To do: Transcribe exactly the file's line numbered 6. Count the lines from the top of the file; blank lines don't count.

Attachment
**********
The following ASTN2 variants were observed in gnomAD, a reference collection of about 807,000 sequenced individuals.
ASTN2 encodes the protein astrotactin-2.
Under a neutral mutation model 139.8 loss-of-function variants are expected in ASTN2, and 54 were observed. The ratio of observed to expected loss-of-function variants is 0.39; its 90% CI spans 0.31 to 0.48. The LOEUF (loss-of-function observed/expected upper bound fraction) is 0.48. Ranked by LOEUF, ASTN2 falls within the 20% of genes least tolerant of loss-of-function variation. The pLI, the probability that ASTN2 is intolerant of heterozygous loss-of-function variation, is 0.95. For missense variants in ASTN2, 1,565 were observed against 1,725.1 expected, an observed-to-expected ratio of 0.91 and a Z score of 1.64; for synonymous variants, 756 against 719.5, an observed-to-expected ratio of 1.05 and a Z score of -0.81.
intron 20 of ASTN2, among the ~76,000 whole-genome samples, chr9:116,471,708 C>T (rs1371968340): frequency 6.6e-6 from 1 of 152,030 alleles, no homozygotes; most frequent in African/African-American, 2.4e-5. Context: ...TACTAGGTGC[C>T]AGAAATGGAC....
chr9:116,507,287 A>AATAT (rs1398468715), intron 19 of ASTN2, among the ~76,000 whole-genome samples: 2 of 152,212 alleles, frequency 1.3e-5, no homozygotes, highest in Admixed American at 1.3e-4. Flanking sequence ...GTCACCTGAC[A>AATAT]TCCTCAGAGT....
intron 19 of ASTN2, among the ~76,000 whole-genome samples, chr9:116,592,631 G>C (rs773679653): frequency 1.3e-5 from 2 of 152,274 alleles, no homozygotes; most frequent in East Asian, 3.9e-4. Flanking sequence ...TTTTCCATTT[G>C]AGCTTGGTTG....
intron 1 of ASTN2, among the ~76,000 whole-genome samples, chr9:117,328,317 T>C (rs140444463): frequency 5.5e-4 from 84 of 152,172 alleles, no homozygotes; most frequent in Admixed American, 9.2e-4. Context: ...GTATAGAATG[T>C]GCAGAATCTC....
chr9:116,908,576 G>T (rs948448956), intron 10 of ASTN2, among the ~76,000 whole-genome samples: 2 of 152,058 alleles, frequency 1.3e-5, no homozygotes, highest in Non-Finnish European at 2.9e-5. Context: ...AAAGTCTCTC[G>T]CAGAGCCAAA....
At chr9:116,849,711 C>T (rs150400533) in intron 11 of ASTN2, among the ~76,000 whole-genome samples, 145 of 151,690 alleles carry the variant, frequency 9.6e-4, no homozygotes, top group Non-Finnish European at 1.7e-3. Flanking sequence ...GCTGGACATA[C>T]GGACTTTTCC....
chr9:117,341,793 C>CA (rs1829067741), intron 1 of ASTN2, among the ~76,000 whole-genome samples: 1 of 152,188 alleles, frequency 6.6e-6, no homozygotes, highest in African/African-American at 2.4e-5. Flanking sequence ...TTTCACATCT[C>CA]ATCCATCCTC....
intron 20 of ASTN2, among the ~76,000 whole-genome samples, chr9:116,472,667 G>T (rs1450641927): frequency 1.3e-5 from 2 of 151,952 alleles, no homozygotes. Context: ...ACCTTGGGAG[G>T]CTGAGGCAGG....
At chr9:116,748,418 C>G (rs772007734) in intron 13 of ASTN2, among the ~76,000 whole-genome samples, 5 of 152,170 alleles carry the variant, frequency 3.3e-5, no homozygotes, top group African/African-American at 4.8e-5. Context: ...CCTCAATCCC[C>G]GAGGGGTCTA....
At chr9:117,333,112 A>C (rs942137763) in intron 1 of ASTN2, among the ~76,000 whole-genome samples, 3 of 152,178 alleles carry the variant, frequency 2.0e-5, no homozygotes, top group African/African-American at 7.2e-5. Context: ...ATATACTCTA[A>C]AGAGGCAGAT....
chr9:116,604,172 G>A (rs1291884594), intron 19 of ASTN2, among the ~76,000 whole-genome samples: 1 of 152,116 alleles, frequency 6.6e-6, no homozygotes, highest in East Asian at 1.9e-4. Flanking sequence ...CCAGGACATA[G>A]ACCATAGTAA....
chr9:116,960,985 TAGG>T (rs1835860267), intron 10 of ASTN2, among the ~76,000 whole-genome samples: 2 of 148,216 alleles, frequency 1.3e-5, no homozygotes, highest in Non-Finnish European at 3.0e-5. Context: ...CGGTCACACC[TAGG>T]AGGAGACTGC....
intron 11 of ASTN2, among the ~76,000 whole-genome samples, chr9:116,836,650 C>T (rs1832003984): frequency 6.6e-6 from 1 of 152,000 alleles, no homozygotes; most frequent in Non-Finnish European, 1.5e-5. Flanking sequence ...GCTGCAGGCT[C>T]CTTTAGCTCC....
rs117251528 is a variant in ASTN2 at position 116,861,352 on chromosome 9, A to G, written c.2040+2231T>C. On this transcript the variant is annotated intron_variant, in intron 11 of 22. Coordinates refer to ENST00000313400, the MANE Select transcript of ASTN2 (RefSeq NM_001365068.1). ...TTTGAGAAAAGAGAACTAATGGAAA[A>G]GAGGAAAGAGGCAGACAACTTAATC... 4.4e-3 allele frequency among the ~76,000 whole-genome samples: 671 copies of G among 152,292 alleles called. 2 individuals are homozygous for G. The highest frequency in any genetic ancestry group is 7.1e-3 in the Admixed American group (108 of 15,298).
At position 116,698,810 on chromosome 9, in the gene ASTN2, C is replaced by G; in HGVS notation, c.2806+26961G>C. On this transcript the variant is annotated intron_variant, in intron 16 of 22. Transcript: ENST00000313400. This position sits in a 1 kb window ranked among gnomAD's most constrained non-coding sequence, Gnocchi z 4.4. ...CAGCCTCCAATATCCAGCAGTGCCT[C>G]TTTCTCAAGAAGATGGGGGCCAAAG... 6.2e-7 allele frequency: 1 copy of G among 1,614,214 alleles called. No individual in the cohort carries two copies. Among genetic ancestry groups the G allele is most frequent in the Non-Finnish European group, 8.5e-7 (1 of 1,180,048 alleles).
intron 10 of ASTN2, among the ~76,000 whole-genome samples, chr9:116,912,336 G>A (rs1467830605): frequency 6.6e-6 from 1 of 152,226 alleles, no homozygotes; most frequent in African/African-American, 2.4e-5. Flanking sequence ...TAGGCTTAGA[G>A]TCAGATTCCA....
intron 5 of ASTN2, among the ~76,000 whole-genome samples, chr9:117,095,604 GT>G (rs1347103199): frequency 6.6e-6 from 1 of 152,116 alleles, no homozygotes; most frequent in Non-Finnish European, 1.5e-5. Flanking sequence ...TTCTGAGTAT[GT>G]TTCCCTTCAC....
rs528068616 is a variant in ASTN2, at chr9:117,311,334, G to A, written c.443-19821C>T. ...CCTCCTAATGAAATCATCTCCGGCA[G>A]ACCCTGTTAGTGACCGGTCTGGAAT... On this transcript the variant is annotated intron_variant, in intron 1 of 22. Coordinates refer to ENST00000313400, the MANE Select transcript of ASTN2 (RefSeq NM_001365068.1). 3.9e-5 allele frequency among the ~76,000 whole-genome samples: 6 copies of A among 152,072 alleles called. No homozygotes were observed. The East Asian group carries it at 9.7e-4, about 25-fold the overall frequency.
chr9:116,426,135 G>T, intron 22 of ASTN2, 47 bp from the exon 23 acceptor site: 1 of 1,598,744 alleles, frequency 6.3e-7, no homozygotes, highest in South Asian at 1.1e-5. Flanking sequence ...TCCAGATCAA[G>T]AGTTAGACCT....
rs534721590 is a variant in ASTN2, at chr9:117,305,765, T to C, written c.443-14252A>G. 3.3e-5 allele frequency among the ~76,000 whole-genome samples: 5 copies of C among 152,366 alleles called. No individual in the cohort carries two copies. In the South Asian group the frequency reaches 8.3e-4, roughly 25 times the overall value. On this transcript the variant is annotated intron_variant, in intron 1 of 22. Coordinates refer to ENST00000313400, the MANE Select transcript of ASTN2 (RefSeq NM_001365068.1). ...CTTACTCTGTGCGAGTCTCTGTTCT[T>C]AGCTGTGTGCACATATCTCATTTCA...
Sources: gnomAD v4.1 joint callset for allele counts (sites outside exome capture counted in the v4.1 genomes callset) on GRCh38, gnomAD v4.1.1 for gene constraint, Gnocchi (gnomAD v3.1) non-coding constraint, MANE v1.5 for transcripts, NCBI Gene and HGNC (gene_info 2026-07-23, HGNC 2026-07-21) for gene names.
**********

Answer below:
intron 19 of ASTN2, among the ~76,000 whole-genome samples, chr9:116,592,631 G>C (rs773679653): frequency 1.3e-5 from 2 of 152,274 alleles, no homozygotes; most frequent in East Asian, 3.9e-4. Flanking sequence ...TTTTCCATTT[G>C]AGCTTGGTTG....